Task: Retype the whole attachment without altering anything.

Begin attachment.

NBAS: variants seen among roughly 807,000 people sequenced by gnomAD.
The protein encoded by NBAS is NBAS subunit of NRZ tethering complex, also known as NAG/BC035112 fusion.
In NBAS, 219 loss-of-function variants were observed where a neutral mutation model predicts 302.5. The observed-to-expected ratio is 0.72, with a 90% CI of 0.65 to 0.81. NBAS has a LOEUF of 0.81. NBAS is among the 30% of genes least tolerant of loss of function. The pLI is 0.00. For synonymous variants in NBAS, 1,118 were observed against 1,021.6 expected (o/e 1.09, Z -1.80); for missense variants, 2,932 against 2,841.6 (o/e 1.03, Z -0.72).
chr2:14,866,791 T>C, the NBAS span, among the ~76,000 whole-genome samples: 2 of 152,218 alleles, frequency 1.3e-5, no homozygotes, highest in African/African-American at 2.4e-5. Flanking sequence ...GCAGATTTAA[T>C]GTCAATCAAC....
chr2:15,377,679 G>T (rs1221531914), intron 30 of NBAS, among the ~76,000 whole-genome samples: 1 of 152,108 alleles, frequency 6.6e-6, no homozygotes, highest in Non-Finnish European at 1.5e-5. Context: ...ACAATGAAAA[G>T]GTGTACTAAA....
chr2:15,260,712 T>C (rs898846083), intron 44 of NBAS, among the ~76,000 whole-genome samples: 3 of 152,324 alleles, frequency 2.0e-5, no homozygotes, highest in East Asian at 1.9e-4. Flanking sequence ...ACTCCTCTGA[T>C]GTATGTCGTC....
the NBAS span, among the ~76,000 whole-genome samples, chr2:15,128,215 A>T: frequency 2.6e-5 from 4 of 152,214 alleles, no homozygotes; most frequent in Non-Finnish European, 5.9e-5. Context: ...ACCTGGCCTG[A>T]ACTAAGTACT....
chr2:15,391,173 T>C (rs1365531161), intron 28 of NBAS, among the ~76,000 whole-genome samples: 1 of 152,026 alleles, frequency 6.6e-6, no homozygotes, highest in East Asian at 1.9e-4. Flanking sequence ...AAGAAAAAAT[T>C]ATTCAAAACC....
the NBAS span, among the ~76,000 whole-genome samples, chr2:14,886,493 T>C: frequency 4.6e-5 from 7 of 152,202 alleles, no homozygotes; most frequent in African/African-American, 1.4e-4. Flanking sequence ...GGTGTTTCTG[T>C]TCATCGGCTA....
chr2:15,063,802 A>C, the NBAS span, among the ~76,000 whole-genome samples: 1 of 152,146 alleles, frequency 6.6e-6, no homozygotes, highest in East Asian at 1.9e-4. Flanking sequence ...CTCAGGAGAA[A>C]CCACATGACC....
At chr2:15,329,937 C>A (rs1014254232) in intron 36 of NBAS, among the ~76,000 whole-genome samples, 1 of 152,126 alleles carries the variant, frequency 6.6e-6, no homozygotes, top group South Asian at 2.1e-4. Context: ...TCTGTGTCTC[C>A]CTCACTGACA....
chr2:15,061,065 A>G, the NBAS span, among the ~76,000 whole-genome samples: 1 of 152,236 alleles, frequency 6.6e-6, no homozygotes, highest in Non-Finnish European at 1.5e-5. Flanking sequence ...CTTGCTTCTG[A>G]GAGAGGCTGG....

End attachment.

NBAS: variants seen among roughly 807,000 people sequenced by gnomAD.
The protein encoded by NBAS is NBAS subunit of NRZ tethering complex, also known as NAG/BC035112 fusion.
In NBAS, 219 loss-of-function variants were observed where a neutral mutation model predicts 302.5. The observed-to-expected ratio is 0.72, with a 90% CI of 0.65 to 0.81. NBAS has a LOEUF of 0.81. NBAS is among the 30% of genes least tolerant of loss of function. The pLI is 0.00. For synonymous variants in NBAS, 1,118 were observed against 1,021.6 expected (o/e 1.09, Z -1.80); for missense variants, 2,932 against 2,841.6 (o/e 1.03, Z -0.72).
chr2:14,866,791 T>C, the NBAS span, among the ~76,000 whole-genome samples: 2 of 152,218 alleles, frequency 1.3e-5, no homozygotes, highest in African/African-American at 2.4e-5. Flanking sequence ...GCAGATTTAA[T>C]GTCAATCAAC....
chr2:15,377,679 G>T (rs1221531914), intron 30 of NBAS, among the ~76,000 whole-genome samples: 1 of 152,108 alleles, frequency 6.6e-6, no homozygotes, highest in Non-Finnish European at 1.5e-5. Context: ...ACAATGAAAA[G>T]GTGTACTAAA....
chr2:15,260,712 T>C (rs898846083), intron 44 of NBAS, among the ~76,000 whole-genome samples: 3 of 152,324 alleles, frequency 2.0e-5, no homozygotes, highest in East Asian at 1.9e-4. Flanking sequence ...ACTCCTCTGA[T>C]GTATGTCGTC....
the NBAS span, among the ~76,000 whole-genome samples, chr2:15,128,215 A>T: frequency 2.6e-5 from 4 of 152,214 alleles, no homozygotes; most frequent in Non-Finnish European, 5.9e-5. Context: ...ACCTGGCCTG[A>T]ACTAAGTACT....
chr2:15,391,173 T>C (rs1365531161), intron 28 of NBAS, among the ~76,000 whole-genome samples: 1 of 152,026 alleles, frequency 6.6e-6, no homozygotes, highest in East Asian at 1.9e-4. Flanking sequence ...AAGAAAAAAT[T>C]ATTCAAAACC....
the NBAS span, among the ~76,000 whole-genome samples, chr2:14,886,493 T>C: frequency 4.6e-5 from 7 of 152,202 alleles, no homozygotes; most frequent in African/African-American, 1.4e-4. Flanking sequence ...GGTGTTTCTG[T>C]TCATCGGCTA....
chr2:15,063,802 A>C, the NBAS span, among the ~76,000 whole-genome samples: 1 of 152,146 alleles, frequency 6.6e-6, no homozygotes, highest in East Asian at 1.9e-4. Flanking sequence ...CTCAGGAGAA[A>C]CCACATGACC....
At chr2:15,329,937 C>A (rs1014254232) in intron 36 of NBAS, among the ~76,000 whole-genome samples, 1 of 152,126 alleles carries the variant, frequency 6.6e-6, no homozygotes, top group South Asian at 2.1e-4. Context: ...TCTGTGTCTC[C>A]CTCACTGACA....
chr2:15,061,065 A>G, the NBAS span, among the ~76,000 whole-genome samples: 1 of 152,236 alleles, frequency 6.6e-6, no homozygotes, highest in Non-Finnish European at 1.5e-5. Flanking sequence ...CTTGCTTCTG[A>G]GAGAGGCTGG....